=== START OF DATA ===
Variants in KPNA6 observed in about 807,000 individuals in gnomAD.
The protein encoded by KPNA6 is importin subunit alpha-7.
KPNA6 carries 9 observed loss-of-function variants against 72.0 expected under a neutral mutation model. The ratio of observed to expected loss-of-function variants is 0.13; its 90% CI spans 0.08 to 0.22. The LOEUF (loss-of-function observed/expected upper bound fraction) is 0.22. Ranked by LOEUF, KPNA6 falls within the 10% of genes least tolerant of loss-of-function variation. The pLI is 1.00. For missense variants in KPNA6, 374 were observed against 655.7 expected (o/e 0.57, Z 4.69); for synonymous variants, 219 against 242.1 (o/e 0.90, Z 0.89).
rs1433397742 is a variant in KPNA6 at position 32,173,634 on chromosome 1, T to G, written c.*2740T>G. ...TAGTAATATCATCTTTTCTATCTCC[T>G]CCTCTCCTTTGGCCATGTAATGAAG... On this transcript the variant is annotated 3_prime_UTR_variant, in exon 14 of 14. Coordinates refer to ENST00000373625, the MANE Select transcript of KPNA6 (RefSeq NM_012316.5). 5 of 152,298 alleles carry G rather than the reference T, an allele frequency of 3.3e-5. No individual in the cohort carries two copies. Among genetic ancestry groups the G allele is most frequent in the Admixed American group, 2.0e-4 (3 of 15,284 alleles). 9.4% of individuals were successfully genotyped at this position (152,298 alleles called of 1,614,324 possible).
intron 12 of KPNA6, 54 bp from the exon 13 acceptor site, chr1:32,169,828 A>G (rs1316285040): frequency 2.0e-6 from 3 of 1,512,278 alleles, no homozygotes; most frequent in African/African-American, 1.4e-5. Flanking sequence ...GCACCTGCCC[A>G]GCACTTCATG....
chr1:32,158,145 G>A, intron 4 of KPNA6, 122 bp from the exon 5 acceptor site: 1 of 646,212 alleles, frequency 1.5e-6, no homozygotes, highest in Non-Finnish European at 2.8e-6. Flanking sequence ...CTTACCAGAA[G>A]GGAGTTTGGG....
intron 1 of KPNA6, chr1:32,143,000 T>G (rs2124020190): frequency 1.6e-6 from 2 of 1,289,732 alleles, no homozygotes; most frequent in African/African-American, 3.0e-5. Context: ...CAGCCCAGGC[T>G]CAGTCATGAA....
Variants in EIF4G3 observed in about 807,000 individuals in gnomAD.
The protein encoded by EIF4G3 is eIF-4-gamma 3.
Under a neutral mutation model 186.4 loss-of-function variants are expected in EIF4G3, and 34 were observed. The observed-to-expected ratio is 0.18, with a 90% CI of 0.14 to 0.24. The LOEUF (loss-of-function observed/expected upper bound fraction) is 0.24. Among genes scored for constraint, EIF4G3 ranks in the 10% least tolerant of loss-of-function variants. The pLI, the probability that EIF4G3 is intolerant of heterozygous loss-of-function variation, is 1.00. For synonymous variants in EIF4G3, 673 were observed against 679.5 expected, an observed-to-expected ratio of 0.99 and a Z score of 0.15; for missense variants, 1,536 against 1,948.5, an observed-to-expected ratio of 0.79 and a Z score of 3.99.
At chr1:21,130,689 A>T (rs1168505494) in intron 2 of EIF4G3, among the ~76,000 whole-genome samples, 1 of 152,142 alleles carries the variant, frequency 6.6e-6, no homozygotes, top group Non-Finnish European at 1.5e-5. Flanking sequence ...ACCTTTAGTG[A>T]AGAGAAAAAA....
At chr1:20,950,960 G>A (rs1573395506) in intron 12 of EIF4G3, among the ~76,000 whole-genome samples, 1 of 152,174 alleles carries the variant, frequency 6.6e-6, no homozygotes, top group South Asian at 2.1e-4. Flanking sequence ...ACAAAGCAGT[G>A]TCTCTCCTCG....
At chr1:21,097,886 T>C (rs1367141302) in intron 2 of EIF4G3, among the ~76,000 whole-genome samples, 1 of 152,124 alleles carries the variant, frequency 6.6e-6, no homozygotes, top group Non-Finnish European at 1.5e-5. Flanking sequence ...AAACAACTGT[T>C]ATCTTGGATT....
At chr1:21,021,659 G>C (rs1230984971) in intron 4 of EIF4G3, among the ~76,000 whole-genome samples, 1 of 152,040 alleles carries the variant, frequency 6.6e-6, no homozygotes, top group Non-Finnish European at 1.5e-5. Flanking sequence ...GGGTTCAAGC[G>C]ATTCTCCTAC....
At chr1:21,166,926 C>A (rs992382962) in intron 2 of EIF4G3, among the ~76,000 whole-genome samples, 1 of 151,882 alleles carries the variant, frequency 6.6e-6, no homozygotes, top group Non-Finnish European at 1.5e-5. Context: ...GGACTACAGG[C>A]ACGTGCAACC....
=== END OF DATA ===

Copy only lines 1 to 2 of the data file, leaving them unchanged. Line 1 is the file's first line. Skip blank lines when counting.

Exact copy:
Variants in KPNA6 observed in about 807,000 individuals in gnomAD.
The protein encoded by KPNA6 is importin subunit alpha-7.